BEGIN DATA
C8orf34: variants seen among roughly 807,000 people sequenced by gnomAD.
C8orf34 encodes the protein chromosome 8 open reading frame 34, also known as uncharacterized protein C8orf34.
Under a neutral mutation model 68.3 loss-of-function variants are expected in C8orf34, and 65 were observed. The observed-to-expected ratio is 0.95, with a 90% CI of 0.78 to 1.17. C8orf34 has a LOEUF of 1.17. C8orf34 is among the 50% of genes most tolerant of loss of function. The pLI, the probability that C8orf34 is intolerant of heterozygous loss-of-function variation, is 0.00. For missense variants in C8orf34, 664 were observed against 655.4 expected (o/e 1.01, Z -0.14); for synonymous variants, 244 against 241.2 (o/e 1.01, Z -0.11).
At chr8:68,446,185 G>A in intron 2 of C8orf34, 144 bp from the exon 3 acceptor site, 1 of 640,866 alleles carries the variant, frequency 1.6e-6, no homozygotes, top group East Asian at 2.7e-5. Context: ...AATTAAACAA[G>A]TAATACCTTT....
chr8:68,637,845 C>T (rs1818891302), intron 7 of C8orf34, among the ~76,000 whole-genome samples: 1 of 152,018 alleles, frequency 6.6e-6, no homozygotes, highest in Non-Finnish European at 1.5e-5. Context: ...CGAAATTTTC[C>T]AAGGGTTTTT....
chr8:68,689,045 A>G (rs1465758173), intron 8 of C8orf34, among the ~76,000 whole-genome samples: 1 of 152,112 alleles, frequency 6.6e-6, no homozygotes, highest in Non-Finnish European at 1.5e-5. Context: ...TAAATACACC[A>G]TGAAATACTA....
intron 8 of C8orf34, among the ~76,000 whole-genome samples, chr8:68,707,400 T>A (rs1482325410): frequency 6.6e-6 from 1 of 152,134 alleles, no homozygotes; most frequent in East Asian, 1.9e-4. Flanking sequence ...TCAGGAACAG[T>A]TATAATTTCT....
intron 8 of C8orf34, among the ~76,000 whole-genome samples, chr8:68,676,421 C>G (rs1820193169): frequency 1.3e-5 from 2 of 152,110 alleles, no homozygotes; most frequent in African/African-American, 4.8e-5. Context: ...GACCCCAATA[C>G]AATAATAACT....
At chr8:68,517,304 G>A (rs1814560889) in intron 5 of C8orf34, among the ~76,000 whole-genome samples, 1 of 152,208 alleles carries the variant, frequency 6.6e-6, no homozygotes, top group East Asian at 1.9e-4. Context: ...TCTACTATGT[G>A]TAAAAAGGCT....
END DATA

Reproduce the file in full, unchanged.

C8orf34: variants seen among roughly 807,000 people sequenced by gnomAD.
C8orf34 encodes the protein chromosome 8 open reading frame 34, also known as uncharacterized protein C8orf34.
Under a neutral mutation model 68.3 loss-of-function variants are expected in C8orf34, and 65 were observed. The observed-to-expected ratio is 0.95, with a 90% CI of 0.78 to 1.17. C8orf34 has a LOEUF of 1.17. C8orf34 is among the 50% of genes most tolerant of loss of function. The pLI, the probability that C8orf34 is intolerant of heterozygous loss-of-function variation, is 0.00. For missense variants in C8orf34, 664 were observed against 655.4 expected (o/e 1.01, Z -0.14); for synonymous variants, 244 against 241.2 (o/e 1.01, Z -0.11).
At chr8:68,446,185 G>A in intron 2 of C8orf34, 144 bp from the exon 3 acceptor site, 1 of 640,866 alleles carries the variant, frequency 1.6e-6, no homozygotes, top group East Asian at 2.7e-5. Context: ...AATTAAACAA[G>A]TAATACCTTT....
chr8:68,637,845 C>T (rs1818891302), intron 7 of C8orf34, among the ~76,000 whole-genome samples: 1 of 152,018 alleles, frequency 6.6e-6, no homozygotes, highest in Non-Finnish European at 1.5e-5. Context: ...CGAAATTTTC[C>T]AAGGGTTTTT....
chr8:68,689,045 A>G (rs1465758173), intron 8 of C8orf34, among the ~76,000 whole-genome samples: 1 of 152,112 alleles, frequency 6.6e-6, no homozygotes, highest in Non-Finnish European at 1.5e-5. Context: ...TAAATACACC[A>G]TGAAATACTA....
intron 8 of C8orf34, among the ~76,000 whole-genome samples, chr8:68,707,400 T>A (rs1482325410): frequency 6.6e-6 from 1 of 152,134 alleles, no homozygotes; most frequent in East Asian, 1.9e-4. Flanking sequence ...TCAGGAACAG[T>A]TATAATTTCT....
intron 8 of C8orf34, among the ~76,000 whole-genome samples, chr8:68,676,421 C>G (rs1820193169): frequency 1.3e-5 from 2 of 152,110 alleles, no homozygotes; most frequent in African/African-American, 4.8e-5. Context: ...GACCCCAATA[C>G]AATAATAACT....
At chr8:68,517,304 G>A (rs1814560889) in intron 5 of C8orf34, among the ~76,000 whole-genome samples, 1 of 152,208 alleles carries the variant, frequency 6.6e-6, no homozygotes, top group East Asian at 1.9e-4. Context: ...TCTACTATGT[G>A]TAAAAAGGCT....